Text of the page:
There will be more than enough vaccine from Pfizer, Moderna and Johnson & Johnson to vaccinate every American adult by the end of May, White House Covid coordinator Jeff Zients said earlier this month.
The government advisers CNN spoke to said if the AstraZeneca vaccine is distributed in the US, they worry Americans may perceive it as being inferior to the three that are already being distributed.
"I'm really concerned there are going to be a lot of people who are going to say 'thanks very much but no' to AstraZeneca because of all this publicity," said Schaffner, the CDC adviser.
He said if there's not enough demand for it, the US could donate some of its AstraZeneca supply to developing countries, where it would be particularly useful because it's easier to transport and store than Pfizer or Moderna's vaccines.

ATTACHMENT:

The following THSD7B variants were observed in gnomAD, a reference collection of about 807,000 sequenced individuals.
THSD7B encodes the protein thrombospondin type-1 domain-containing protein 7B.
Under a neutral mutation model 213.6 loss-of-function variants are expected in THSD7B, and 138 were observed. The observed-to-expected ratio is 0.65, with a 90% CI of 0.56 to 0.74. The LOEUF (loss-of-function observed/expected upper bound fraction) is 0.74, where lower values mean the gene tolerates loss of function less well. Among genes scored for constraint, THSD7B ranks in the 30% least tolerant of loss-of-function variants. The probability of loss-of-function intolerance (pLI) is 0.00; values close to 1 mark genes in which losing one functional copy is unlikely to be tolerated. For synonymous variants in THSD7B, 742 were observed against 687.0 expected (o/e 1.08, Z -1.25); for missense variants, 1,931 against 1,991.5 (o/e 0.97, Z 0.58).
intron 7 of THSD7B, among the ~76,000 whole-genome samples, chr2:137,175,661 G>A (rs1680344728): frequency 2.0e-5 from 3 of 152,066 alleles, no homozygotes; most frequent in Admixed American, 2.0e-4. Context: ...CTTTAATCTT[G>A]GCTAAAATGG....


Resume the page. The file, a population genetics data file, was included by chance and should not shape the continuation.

The Biden administration has already announced plans to send a few million doses of AstraZeneca to other countries.
"I can confirm that we have 7 million releasable doses available of AstraZeneca," White House press secretary Jen Psaki said at Thursday's White House press briefing. "2.5 million of those, we are working to finalize plans to lend those to Mexico and 1.5 million to Canada."
"We could be Solomon-like and cut the baby in half and say we've contracted to buy these doses, and we'll use a third of them and give the rest away to developing countries and do a little bit of vaccine diplomacy," Schaffner said. "That's a possibility."